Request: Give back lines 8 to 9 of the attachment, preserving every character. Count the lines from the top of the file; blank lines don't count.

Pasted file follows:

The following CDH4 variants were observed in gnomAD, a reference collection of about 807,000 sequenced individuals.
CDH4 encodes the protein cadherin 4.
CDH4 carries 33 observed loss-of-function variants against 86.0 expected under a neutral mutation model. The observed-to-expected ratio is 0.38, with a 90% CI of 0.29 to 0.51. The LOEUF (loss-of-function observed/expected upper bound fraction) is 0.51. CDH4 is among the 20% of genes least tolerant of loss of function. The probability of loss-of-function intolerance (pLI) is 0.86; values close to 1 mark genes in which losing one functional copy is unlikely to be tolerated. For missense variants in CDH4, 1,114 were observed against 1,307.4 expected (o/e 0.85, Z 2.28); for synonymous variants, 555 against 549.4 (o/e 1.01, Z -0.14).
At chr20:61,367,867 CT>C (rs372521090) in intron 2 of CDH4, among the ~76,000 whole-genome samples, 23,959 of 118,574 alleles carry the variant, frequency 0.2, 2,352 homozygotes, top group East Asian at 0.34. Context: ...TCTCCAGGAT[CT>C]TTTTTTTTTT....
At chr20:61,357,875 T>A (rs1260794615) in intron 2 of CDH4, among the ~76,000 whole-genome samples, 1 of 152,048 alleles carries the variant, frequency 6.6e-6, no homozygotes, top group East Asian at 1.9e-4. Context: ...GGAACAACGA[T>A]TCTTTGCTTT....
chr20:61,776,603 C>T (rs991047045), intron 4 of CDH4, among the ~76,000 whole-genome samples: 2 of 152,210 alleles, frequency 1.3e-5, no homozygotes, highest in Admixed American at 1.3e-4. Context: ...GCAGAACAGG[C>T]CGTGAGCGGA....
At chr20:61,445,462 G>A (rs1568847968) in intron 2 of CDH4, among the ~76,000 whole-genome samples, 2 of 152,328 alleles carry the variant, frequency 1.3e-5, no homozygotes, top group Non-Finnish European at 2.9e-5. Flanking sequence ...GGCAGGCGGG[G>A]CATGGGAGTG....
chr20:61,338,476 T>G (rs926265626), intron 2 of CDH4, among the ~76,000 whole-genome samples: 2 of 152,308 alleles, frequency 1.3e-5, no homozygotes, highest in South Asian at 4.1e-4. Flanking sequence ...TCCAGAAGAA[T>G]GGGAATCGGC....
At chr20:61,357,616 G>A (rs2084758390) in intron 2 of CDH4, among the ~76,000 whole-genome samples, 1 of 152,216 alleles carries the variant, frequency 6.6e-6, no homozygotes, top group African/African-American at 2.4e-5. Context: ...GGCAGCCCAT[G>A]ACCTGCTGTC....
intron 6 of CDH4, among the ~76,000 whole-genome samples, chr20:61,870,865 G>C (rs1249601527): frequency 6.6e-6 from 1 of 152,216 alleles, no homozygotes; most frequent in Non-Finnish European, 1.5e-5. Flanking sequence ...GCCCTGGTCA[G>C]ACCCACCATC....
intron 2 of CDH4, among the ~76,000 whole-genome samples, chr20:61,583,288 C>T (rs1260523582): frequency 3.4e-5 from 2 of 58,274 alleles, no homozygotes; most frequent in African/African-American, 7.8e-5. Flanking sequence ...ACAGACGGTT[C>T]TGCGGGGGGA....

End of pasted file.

chr20:61,338,476 T>G (rs926265626), intron 2 of CDH4, among the ~76,000 whole-genome samples: 2 of 152,308 alleles, frequency 1.3e-5, no homozygotes, highest in South Asian at 4.1e-4. Flanking sequence ...TCCAGAAGAA[T>G]GGGAATCGGC....
At chr20:61,357,616 G>A (rs2084758390) in intron 2 of CDH4, among the ~76,000 whole-genome samples, 1 of 152,216 alleles carries the variant, frequency 6.6e-6, no homozygotes, top group African/African-American at 2.4e-5. Context: ...GGCAGCCCAT[G>A]ACCTGCTGTC....